In brief: A recent decision made by the Fair Work Commission (Commission) has held that directors can seek protection under federal anti-bullying laws. 

This decision may require boardrooms across Australia to revisit the way they conduct business. 

Case outlining the stop bullying order

Mr Adamson made an application for a stop bullying order under section 789FC of the Fair Work Act 2009 (FW Act) alleging he had been subjected to bullying behaviours while acting as a chairperson of Anangu Pitjantjatjara Yankunytjatjara Inc (APY). The applicant claimed that APY's general manager and deputy chairperson bulled him by not allowing him to engage in executive board meetings, preventing him from accessing meeting minutes and by his refusal to deal with Mr Adamson.

APY contended that the Commission did not have the jurisdiction to deal with the claim, since the applicant was not a 'worker' as defined by section 7 of the Work Health and Safety Act  2011 (WHS Act). The WHS Act's definition of worker defines the scope of eligible applicants for stop bullying orders under the FW Act.

Commission explains definition of worker under WHS Act

The WHS Act defines a worker as being a person who carries out work, in any capacity, for a person conducting a business or undertaking (PCBU), and provides numerous examples of workers including employees, contractors and volunteers.  

The Commission explained that this definition of worker is intentionally broad.

Mr Adamson's Chairperson duties were said by the Commission to 'represent work' even though the duties did not fit 'neatly' into any of the categories listed the WHS Act.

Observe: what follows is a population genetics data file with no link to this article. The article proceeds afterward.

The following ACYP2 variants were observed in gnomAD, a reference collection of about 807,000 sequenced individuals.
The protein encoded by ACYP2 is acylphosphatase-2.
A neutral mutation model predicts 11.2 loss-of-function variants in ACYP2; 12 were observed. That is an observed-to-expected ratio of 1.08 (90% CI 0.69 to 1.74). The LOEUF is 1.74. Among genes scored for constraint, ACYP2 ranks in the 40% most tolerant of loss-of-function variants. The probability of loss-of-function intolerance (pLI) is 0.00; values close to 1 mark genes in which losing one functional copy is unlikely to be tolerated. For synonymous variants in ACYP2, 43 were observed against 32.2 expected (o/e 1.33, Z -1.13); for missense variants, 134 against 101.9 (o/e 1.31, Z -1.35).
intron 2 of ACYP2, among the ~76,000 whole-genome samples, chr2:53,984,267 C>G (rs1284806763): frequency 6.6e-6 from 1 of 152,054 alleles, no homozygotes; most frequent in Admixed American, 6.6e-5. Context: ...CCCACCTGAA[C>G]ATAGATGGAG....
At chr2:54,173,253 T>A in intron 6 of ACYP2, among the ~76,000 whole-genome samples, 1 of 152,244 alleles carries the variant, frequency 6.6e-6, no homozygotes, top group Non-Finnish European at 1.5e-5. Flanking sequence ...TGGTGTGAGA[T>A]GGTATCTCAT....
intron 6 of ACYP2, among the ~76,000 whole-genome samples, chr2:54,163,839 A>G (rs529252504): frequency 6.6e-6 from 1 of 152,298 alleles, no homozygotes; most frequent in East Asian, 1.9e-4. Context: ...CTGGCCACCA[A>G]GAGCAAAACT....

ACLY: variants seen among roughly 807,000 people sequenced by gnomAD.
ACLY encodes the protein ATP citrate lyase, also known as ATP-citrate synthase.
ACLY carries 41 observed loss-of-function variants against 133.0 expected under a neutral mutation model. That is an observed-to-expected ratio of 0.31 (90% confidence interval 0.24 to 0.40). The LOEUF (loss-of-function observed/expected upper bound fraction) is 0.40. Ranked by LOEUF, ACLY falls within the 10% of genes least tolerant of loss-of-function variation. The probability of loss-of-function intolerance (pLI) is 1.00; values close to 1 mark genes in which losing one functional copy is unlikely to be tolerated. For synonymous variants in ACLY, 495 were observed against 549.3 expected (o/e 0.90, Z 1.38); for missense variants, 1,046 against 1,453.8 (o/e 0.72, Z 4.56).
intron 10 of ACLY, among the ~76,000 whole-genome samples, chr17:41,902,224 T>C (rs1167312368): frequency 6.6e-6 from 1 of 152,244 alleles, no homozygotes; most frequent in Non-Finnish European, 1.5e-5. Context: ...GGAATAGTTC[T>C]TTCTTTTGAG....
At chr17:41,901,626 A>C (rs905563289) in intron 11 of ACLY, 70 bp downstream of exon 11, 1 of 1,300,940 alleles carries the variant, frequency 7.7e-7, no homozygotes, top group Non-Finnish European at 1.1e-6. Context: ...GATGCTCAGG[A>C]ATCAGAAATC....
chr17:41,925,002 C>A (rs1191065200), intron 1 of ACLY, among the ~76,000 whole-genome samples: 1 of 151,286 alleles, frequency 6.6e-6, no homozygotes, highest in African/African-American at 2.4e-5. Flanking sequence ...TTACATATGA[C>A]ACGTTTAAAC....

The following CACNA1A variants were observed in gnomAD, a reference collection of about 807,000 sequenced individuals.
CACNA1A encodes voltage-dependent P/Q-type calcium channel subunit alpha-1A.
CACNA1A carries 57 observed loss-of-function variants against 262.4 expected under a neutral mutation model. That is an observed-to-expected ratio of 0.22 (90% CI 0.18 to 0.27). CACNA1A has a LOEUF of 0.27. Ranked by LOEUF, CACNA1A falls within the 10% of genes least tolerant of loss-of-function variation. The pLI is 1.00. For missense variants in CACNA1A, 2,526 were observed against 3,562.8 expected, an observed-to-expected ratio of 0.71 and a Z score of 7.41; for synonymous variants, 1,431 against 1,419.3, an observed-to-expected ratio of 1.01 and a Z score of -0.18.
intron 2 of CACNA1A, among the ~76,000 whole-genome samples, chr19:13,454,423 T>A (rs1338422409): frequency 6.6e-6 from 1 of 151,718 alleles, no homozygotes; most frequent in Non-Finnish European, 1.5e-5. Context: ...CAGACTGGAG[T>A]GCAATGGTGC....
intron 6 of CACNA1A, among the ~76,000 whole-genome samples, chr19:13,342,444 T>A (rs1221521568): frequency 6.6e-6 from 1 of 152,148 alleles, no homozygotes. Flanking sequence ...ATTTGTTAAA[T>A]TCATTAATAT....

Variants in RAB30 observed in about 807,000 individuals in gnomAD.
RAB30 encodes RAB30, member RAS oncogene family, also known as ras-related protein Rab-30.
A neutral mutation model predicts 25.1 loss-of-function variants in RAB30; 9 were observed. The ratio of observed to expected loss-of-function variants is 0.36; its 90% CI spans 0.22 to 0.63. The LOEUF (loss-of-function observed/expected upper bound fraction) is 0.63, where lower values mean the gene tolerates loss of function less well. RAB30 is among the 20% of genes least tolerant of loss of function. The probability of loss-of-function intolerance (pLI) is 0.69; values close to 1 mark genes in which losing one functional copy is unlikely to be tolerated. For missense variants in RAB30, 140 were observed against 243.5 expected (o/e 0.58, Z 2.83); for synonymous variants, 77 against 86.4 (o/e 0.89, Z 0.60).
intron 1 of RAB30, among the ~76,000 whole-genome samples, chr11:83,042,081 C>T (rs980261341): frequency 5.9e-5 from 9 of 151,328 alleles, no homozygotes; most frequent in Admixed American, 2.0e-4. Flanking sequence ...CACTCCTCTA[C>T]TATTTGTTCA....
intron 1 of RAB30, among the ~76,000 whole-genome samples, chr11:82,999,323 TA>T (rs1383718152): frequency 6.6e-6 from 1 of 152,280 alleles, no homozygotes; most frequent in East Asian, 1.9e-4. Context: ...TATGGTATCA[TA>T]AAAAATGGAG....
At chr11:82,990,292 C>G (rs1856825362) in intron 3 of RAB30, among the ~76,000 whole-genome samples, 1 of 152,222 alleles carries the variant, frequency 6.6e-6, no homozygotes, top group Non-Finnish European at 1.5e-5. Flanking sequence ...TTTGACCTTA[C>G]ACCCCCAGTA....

Mr Adamson was found to be a 'worker' and eligible to apply for anti-bullying orders. 

Ultimately, Mr Adamson's application was dismissed because at the time that the application was determined he was no longer on the board, so he was no longer at risk of bullying. 

Boardroom activities are not exempt from the Fair Work Act 2009

Boardrooms are comprised of directors with different views and opinions which may lead to frank and forthright discussions and difficult decisions. These activities may give risk to actionable bullying claims. 

If such an application is made, the Commission can make any order they consider appropriate in order to prevent the bullying from continuing to occur. This may include limiting workers interactions with one another or prohibiting the proximity of the individuals being accused of bullying with the applicant. 

Such orders could have a significant impact on the efficiency, functioning and decision making of the board. Contraventions of these orders may result in the company facing financial penalties.

What this means for companies with boards 

While this decision is unlikely to affect the way boards operate, it does demonstrate the expanding application of the Fair Work Act into traditionally 'non employment' areas. To ensure that your board minimises the risk of such a claim, organisations could consider adopting a Code of Conduct specific to the operation of the board and implementing a grievance procedure. Additionally, organisations should ensuring training for the chair and board members about how to manage, maintain and effectively run board meetings.

Boards must be able to continue to debate and question proposals and decisions as part of good decision making.  Perhaps ensuring politeness and consideration as well as good decision making, could take your boardroom from good to great.


This is commentary published by Colin Biggers & Paisley for general information purposes only. This should not be relied on as specific advice. You should seek your own legal and other advice for any question, or for any specific situation or proposal, before making any final decision. The content also is subject to change. A person listed may not be admitted as a lawyer in all States and Territories. © Colin Biggers & Paisley, Australia 2024.

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